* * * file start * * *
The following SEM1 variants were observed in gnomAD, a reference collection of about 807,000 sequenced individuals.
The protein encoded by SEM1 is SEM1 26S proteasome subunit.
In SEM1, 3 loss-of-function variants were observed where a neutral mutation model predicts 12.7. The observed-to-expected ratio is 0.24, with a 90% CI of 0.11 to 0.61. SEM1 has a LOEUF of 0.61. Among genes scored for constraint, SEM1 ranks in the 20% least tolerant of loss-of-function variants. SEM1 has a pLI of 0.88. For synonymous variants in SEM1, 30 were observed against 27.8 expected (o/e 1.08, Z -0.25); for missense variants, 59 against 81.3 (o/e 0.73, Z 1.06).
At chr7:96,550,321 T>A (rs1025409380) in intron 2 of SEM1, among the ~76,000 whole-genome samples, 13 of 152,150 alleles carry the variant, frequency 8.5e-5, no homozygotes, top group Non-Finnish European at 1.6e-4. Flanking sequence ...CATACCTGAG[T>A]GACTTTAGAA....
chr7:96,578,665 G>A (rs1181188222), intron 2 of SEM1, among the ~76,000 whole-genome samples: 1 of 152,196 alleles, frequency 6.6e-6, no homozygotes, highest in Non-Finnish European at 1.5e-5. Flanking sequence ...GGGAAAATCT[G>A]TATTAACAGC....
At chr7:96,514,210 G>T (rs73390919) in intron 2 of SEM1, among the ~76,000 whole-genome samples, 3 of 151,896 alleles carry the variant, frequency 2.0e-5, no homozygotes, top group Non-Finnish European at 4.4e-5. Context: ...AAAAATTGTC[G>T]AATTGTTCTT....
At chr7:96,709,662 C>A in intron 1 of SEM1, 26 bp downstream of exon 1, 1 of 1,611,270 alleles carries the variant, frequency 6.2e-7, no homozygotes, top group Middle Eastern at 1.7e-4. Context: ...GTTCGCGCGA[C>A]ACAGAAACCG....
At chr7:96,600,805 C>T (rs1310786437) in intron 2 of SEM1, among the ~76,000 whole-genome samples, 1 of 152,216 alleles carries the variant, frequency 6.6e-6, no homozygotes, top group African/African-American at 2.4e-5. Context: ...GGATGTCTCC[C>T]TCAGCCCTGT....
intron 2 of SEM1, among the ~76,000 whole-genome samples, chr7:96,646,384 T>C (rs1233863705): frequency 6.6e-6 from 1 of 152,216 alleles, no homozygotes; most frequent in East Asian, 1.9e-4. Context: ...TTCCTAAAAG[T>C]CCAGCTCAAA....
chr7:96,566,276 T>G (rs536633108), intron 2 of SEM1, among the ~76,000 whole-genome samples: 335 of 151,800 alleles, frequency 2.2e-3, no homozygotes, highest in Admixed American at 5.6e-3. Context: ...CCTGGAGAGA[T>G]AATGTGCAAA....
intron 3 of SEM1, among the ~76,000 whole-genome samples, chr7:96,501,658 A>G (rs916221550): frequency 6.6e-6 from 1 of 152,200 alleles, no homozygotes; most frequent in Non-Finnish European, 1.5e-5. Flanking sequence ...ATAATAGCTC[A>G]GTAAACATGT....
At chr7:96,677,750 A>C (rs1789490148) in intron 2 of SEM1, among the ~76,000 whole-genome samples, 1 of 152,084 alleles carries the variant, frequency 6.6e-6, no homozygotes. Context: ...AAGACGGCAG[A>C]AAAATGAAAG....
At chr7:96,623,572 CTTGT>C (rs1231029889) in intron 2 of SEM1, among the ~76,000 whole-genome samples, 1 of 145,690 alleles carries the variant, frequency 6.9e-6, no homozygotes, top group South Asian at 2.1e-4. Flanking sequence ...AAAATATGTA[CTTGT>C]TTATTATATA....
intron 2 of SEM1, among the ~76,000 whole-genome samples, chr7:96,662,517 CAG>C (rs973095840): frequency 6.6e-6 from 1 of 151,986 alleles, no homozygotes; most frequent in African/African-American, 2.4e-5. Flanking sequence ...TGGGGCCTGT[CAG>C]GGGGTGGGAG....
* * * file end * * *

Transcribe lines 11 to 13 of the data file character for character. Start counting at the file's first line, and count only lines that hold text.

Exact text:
intron 3 of SEM1, among the ~76,000 whole-genome samples, chr7:96,501,658 A>G (rs916221550): frequency 6.6e-6 from 1 of 152,200 alleles, no homozygotes; most frequent in Non-Finnish European, 1.5e-5. Flanking sequence ...ATAATAGCTC[A>G]GTAAACATGT....
At chr7:96,677,750 A>C (rs1789490148) in intron 2 of SEM1, among the ~76,000 whole-genome samples, 1 of 152,084 alleles carries the variant, frequency 6.6e-6, no homozygotes. Context: ...AAGACGGCAG[A>C]AAAATGAAAG....
At chr7:96,623,572 CTTGT>C (rs1231029889) in intron 2 of SEM1, among the ~76,000 whole-genome samples, 1 of 145,690 alleles carries the variant, frequency 6.9e-6, no homozygotes, top group South Asian at 2.1e-4. Flanking sequence ...AAAATATGTA[CTTGT>C]TTATTATATA....